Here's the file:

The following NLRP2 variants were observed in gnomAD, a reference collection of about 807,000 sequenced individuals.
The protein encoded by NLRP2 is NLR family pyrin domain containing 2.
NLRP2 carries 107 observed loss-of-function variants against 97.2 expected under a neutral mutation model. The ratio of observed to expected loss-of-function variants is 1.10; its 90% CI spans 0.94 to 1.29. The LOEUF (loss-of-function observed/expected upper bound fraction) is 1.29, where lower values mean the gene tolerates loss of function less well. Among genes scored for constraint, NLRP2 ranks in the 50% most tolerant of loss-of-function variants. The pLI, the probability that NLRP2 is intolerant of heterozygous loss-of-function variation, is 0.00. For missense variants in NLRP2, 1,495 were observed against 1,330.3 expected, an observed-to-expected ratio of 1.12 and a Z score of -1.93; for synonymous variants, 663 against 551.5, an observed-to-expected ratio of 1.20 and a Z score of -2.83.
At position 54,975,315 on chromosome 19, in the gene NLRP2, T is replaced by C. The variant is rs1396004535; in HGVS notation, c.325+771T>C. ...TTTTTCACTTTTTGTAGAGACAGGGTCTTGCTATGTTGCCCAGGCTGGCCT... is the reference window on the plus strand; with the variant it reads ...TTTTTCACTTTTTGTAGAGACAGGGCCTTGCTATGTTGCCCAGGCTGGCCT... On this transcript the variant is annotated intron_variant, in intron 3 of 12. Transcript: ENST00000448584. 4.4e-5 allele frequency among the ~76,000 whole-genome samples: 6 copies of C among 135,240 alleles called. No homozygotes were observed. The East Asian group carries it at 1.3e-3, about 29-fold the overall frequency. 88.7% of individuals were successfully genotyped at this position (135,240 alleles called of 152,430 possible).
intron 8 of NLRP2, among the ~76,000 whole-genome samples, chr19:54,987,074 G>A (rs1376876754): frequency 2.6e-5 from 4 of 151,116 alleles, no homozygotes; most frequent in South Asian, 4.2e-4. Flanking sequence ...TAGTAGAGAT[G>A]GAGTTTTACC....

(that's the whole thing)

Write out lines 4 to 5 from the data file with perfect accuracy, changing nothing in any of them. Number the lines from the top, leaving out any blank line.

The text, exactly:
At position 54,975,315 on chromosome 19, in the gene NLRP2, T is replaced by C. The variant is rs1396004535; in HGVS notation, c.325+771T>C. ...TTTTTCACTTTTTGTAGAGACAGGGTCTTGCTATGTTGCCCAGGCTGGCCT... is the reference window on the plus strand; with the variant it reads ...TTTTTCACTTTTTGTAGAGACAGGGCCTTGCTATGTTGCCCAGGCTGGCCT... On this transcript the variant is annotated intron_variant, in intron 3 of 12. Transcript: ENST00000448584. 4.4e-5 allele frequency among the ~76,000 whole-genome samples: 6 copies of C among 135,240 alleles called. No homozygotes were observed. The East Asian group carries it at 1.3e-3, about 29-fold the overall frequency. 88.7% of individuals were successfully genotyped at this position (135,240 alleles called of 152,430 possible).
intron 8 of NLRP2, among the ~76,000 whole-genome samples, chr19:54,987,074 G>A (rs1376876754): frequency 2.6e-5 from 4 of 151,116 alleles, no homozygotes; most frequent in South Asian, 4.2e-4. Flanking sequence ...TAGTAGAGAT[G>A]GAGTTTTACC....